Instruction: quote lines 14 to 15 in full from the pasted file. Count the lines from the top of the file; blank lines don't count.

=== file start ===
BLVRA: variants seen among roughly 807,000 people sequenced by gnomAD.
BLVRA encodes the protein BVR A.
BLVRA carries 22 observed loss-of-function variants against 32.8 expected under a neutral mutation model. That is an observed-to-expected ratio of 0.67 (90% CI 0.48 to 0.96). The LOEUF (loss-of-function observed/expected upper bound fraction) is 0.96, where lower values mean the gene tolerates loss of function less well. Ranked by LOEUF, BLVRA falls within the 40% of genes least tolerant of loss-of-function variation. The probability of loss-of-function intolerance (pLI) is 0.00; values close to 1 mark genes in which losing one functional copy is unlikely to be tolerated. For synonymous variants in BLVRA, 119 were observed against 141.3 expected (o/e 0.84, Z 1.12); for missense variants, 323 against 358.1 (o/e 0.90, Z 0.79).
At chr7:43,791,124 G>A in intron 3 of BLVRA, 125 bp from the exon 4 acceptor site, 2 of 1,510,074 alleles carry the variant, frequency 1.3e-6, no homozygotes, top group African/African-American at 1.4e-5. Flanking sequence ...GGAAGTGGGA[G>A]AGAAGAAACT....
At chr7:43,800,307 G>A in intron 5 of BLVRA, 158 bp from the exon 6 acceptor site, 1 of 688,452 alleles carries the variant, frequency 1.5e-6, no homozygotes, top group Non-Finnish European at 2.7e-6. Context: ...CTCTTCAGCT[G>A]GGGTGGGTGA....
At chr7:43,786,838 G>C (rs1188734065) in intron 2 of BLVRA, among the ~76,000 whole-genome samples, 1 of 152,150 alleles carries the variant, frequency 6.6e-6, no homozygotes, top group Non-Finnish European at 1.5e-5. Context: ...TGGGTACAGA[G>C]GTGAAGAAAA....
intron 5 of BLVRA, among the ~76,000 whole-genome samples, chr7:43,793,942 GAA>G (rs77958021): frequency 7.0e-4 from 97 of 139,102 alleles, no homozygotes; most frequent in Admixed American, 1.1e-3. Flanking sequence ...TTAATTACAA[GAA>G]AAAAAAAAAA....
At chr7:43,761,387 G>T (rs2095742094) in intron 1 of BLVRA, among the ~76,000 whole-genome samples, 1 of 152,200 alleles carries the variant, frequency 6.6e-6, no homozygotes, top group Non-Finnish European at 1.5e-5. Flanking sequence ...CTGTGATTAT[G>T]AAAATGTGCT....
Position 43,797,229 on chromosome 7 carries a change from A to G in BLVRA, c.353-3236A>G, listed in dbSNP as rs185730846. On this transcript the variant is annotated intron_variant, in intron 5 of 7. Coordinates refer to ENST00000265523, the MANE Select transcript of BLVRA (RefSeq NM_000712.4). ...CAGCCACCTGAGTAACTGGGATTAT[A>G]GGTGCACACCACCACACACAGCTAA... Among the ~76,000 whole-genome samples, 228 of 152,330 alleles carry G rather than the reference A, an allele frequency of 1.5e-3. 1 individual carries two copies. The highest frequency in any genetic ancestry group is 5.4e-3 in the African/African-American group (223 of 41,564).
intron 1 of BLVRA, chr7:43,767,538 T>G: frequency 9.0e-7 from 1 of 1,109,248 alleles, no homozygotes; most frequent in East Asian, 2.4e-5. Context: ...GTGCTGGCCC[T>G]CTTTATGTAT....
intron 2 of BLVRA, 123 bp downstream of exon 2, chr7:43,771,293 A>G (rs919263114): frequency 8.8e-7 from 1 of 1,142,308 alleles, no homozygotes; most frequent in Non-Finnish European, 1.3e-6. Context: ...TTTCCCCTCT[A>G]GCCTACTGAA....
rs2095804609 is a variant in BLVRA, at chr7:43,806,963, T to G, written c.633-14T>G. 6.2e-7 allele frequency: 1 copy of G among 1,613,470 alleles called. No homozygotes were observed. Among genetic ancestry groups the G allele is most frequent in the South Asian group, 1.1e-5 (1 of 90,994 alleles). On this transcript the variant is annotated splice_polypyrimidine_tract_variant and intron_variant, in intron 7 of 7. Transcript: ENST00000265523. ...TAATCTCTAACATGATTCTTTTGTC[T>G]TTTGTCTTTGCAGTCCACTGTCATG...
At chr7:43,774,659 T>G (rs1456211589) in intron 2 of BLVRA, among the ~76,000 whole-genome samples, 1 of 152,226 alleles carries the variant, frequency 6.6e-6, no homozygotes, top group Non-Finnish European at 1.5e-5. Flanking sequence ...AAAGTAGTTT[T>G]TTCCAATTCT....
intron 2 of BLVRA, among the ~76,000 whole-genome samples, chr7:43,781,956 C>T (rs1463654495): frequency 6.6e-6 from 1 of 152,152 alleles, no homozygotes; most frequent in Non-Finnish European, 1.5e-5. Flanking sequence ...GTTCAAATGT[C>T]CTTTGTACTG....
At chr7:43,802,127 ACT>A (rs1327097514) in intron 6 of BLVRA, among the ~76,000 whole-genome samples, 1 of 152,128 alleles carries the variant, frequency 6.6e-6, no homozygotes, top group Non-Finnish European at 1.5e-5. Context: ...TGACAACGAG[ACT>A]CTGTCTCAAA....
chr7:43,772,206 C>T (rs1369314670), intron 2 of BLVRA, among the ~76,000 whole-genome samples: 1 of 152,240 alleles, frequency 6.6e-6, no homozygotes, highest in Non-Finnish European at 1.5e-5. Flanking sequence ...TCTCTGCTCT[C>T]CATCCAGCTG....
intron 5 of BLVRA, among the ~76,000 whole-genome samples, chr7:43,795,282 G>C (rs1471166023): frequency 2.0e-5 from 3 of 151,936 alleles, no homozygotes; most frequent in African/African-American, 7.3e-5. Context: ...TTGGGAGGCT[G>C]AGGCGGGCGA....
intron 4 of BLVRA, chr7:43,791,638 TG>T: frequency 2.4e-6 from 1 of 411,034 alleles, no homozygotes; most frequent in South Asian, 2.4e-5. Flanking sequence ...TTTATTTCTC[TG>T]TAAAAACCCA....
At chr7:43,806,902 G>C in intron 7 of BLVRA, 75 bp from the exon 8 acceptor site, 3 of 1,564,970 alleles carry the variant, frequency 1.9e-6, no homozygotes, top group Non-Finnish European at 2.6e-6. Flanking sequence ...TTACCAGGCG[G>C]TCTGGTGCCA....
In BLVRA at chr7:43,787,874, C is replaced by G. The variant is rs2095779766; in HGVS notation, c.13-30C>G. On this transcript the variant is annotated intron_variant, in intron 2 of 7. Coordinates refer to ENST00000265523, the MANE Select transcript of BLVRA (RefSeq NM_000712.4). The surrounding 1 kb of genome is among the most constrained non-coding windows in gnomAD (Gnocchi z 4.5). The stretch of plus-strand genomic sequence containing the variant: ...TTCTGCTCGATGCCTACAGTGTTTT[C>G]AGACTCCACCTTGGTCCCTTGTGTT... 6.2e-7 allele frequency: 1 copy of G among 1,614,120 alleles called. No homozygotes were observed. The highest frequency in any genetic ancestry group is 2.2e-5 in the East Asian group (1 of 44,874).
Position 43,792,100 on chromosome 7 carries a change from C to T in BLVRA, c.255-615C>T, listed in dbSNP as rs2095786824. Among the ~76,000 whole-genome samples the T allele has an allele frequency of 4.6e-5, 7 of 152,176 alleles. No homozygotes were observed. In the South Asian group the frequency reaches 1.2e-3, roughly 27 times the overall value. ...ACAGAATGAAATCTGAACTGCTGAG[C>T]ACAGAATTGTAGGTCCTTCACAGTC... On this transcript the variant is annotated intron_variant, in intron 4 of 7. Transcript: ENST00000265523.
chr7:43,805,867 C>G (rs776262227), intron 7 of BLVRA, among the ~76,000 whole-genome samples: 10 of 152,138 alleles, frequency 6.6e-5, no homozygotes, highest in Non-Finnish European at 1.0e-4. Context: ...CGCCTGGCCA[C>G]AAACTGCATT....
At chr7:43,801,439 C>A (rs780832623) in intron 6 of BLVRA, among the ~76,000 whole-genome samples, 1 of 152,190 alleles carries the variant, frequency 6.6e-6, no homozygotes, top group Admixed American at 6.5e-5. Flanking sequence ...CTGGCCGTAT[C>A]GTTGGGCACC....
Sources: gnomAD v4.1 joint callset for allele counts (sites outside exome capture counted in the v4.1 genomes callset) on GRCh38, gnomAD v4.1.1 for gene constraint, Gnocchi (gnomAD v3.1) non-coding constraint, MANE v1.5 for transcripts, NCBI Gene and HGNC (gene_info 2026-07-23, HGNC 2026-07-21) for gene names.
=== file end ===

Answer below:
intron 2 of BLVRA, among the ~76,000 whole-genome samples, chr7:43,781,956 C>T (rs1463654495): frequency 6.6e-6 from 1 of 152,152 alleles, no homozygotes; most frequent in Non-Finnish European, 1.5e-5. Flanking sequence ...GTTCAAATGT[C>T]CTTTGTACTG....
At chr7:43,802,127 ACT>A (rs1327097514) in intron 6 of BLVRA, among the ~76,000 whole-genome samples, 1 of 152,128 alleles carries the variant, frequency 6.6e-6, no homozygotes, top group Non-Finnish European at 1.5e-5. Context: ...TGACAACGAG[ACT>A]CTGTCTCAAA....